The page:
Resource Library


Census Reports

The Boston Club’s Census of Women Directors and Executive Officers of Massachusetts Public Companies

Click here for all corporate census reports.

The Boston Club’s Census of Women Directors and Chief Executives of Massachusetts’ Largest Nonprofit Organizations

Click here for all nonprofit census reports.

ION’s Status Report on Women Directors and Executive Officers in Multiple Regions of the United States

Click here to see all ION reports.

Advancing the Work of Unconscious Bias: Resources and Tools

Reading Materials and Infographics

  • The Guiding Questions of The Boston Club. See below.
    • Organizational growth comes with interaction, care, good listening and asking good questions. These factors are particularly helpful for integrating diverse and inclusive behaviors. These questions apply to the design, planning, execution and outcome of all organized TBC activity.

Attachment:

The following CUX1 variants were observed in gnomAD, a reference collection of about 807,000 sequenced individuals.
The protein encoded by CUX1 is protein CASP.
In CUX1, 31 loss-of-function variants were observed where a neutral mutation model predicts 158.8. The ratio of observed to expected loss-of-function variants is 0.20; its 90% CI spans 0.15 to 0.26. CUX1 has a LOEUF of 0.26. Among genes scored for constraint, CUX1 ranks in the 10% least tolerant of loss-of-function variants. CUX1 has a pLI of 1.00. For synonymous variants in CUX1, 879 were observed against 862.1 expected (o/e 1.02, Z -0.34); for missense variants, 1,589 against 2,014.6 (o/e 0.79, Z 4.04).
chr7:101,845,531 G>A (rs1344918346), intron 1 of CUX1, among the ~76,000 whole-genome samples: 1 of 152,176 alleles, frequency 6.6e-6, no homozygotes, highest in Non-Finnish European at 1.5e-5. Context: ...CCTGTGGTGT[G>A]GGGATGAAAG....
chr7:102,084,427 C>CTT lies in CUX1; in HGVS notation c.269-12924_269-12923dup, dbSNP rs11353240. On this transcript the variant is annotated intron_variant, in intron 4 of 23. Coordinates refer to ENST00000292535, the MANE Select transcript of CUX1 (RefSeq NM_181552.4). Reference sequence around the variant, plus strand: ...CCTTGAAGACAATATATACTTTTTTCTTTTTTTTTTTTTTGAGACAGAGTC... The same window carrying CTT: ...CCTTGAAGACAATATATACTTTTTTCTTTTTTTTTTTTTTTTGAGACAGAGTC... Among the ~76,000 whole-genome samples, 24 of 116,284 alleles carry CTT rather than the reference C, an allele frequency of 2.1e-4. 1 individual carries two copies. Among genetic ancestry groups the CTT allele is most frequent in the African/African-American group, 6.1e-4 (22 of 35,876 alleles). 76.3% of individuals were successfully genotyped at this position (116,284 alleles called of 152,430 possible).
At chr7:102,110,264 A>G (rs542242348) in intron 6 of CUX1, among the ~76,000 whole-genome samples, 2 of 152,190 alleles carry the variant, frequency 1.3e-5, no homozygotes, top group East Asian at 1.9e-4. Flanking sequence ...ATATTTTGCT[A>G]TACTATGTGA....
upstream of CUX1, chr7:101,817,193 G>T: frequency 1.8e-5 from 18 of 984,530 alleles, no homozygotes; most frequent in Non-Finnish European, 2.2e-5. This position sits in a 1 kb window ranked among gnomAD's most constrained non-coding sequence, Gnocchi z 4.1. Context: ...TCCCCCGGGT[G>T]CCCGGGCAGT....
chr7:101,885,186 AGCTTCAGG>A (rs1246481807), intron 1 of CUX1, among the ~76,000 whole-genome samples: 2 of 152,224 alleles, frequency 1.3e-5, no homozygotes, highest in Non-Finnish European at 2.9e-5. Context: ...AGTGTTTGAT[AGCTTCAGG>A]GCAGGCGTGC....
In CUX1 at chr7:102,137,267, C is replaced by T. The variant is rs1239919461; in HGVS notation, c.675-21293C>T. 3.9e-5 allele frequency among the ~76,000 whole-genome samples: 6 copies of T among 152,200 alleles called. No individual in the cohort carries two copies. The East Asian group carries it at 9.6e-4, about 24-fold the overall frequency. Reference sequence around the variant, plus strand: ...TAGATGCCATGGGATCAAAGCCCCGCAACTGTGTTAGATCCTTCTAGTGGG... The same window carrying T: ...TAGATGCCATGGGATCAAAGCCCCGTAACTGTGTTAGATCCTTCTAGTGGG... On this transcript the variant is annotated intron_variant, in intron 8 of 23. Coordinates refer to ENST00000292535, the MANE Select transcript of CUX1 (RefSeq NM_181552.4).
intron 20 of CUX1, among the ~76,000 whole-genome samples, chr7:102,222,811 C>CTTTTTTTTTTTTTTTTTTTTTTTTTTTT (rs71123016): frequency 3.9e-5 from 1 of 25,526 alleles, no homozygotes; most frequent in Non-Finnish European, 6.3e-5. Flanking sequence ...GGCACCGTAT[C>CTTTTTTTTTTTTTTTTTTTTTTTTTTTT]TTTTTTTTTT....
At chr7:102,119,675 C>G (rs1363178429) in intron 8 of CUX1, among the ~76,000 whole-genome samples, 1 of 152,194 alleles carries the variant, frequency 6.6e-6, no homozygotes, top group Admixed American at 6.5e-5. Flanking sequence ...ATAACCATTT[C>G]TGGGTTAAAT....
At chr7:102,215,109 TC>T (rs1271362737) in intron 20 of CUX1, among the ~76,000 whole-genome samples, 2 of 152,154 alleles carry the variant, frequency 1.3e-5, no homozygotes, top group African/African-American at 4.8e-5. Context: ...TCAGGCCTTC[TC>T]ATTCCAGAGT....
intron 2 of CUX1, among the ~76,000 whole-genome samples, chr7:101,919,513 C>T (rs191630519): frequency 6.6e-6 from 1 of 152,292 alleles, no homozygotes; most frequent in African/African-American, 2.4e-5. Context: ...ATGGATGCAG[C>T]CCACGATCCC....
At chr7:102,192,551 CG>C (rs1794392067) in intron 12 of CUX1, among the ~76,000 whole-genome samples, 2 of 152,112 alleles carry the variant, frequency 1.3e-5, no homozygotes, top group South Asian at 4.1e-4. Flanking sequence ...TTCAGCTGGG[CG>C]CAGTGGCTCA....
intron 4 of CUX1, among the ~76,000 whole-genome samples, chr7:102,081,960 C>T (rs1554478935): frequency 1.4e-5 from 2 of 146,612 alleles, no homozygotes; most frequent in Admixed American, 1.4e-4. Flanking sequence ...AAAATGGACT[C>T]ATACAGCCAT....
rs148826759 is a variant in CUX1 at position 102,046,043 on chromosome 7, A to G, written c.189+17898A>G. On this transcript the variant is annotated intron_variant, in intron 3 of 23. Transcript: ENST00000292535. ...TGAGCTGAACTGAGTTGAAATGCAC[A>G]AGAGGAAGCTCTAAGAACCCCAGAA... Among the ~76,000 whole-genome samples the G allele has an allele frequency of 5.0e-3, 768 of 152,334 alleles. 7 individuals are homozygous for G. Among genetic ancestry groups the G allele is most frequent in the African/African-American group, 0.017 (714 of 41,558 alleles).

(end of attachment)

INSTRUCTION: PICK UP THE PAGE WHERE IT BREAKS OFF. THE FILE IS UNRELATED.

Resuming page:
• Banaji, M. & Greenwald, A. (2013). Blindspot: Hidden Biases of Good People. New York: Delacorte Press
    • The title’s “good people” are the many people – the authors included – who strive to align their behavior with their good intentions. The aim of Blindspotis to explain the science in plain enough language to allow well-intentioned people to better achieve that alignment. Venturing into this book is an invitation to understand our own minds.
  • DiAngelo, Robin. (2018). White Fragility – Why it’s So Hard for White People to Talk about Racism
    • In this “vital, necessary, and beautiful book” (Michael Eric Dyson), antiracist educator Robin DiAngelo deftly illuminates the phenomenon of white fragility and “allows us to understand racism as a practice not restricted to ‘bad people’ (Claudia Rankine).
  • McLarin, Kim (2019). Womanish-A Grown Black Women Speaks on Love and Life. New York: IG Publications.
    • Book of essays that explains what it means to be a black women in today’s turbulent times, trying to come to terms with the world around her, and of a society trying to come to terms with black women.